I turned on my computer this morning, the first time I could successfully switch on anything since Monday night. That was the time, of course, when the storm came and the lights went out over Lower Manhattan. Late on Wednesday, after my flashlight failed, I realized I could repower my flashlight with the batteries from the computer mouse and keyboard. They weren't doing me any good anyway.
Every night this week I walked out on the terrace to look at this scene. I marveled at the darkness and the distant light of One World Trade Center down to the south. The nights were uncommonly still and serene, though I could hear sirens. Sometimes I could see stars, and the full moon was so bright at one point that it illuminated the buildings across the street and taller buildings in the distance. I liked it when my neighbors above me directed their flashlights on the buildings. The lights reminded me of Batman signals.
I suppose this picture provides a sort of Rorschach test of how people see New York City. Many people would find terror in this picture. Some might imagine looting or opportunities for unspeakable crimes. I never thought those things.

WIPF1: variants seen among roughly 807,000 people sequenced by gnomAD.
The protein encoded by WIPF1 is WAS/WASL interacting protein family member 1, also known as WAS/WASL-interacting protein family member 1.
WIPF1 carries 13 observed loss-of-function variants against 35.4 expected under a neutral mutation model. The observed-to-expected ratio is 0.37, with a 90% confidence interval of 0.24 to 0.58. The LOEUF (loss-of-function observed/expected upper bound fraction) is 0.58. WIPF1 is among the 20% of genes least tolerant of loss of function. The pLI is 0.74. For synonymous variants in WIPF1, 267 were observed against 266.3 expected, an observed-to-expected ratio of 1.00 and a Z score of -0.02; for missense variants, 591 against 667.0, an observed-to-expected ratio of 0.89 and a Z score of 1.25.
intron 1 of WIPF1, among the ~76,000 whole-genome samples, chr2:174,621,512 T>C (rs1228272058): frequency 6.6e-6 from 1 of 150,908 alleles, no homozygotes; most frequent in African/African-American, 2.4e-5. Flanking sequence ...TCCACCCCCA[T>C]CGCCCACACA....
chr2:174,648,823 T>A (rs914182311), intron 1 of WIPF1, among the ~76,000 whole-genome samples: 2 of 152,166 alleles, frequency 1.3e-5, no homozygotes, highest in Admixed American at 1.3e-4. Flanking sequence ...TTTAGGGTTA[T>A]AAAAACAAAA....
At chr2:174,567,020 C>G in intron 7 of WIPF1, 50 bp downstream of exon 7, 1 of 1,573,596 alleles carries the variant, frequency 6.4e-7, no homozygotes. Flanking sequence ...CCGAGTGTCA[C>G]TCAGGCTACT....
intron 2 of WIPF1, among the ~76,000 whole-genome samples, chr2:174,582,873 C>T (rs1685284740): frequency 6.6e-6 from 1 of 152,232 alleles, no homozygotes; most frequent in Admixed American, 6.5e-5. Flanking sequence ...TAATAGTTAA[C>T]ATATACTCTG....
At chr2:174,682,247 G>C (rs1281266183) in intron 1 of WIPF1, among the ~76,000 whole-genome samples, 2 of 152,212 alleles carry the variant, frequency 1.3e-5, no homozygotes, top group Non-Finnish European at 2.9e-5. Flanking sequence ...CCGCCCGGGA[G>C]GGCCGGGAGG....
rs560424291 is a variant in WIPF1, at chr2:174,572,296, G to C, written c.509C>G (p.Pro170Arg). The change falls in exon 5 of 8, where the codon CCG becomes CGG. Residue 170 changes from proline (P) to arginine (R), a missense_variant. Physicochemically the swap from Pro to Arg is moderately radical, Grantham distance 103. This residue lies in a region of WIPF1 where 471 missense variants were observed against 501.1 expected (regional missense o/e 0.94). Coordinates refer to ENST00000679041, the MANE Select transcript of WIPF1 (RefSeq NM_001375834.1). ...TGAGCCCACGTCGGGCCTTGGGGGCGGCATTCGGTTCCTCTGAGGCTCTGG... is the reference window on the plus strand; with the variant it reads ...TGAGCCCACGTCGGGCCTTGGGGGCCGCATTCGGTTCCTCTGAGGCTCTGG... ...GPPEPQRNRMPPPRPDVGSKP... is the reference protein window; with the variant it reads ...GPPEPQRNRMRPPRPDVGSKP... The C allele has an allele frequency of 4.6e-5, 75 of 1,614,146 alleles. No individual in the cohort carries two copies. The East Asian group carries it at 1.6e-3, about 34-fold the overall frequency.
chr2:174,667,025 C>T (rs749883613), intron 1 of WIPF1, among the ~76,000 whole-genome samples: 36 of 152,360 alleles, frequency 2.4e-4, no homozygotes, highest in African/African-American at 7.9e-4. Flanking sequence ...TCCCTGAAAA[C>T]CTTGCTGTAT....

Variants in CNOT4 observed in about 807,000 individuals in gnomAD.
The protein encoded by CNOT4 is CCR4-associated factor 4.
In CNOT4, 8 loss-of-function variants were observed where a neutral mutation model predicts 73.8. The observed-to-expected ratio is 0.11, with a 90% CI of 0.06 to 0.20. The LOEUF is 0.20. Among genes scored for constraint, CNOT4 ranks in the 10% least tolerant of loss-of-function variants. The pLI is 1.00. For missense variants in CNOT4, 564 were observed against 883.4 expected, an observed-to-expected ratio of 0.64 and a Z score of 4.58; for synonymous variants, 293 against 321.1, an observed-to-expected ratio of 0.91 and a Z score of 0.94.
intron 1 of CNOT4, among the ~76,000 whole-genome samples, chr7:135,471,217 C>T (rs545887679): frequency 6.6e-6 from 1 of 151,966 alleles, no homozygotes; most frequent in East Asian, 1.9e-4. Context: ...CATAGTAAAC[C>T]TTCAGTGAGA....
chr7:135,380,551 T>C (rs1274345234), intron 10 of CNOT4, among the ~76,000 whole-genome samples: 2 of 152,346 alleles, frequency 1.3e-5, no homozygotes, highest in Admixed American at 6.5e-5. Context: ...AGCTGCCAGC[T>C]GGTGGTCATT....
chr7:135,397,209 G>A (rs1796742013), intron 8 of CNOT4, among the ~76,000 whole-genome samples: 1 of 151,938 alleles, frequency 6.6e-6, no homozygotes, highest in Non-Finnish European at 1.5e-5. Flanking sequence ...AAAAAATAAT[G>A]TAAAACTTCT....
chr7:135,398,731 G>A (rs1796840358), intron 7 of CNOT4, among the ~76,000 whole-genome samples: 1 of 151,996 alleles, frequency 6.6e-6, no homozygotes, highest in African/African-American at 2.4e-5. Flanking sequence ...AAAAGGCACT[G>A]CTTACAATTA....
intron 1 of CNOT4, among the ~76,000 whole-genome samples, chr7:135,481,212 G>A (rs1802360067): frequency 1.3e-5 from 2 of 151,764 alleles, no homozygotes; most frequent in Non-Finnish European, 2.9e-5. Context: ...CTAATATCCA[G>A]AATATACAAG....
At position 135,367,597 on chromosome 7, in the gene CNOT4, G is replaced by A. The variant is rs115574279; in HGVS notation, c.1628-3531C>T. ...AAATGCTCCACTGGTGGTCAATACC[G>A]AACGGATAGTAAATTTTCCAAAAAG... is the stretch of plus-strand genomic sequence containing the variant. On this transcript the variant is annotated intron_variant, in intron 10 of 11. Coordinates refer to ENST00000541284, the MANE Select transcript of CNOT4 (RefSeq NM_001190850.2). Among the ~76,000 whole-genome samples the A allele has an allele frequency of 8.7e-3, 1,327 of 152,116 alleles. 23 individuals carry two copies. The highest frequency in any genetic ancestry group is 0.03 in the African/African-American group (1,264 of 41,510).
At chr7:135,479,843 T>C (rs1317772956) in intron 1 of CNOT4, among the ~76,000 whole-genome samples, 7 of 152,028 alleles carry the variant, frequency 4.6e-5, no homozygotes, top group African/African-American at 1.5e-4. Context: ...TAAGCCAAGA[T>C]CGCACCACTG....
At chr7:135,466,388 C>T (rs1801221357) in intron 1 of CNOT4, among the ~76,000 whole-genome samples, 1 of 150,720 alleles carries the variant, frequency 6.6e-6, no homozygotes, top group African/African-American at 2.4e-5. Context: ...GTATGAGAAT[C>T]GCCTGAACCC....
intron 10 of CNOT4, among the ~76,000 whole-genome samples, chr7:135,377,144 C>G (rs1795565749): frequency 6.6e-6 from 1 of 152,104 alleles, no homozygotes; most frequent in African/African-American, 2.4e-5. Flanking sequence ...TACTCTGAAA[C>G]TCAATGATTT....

I rather imagined all of it - the fictional city, the televised city, and the real world city going on behind me. Back inside, my neighbors were walking up and down many flights of stairs in darkened hallways. They were shining flashlights and carrying buckets of water to their apartments. We soon learned we needed water for everything. We were a little shell-shocked, our little city, and we were really funny, because we had to be. Yesterday, the most popular topic of conversation was our collective exhaustion.
Yes, we learned things this week. The city is fragile and vulnerable and a candidate for a future Atlantis.
But come on. What's not elegant about this picture? Every New Yorker knows they look good in black.
Image by Walking Off the Big Apple from November 1, 8:10 p.m.
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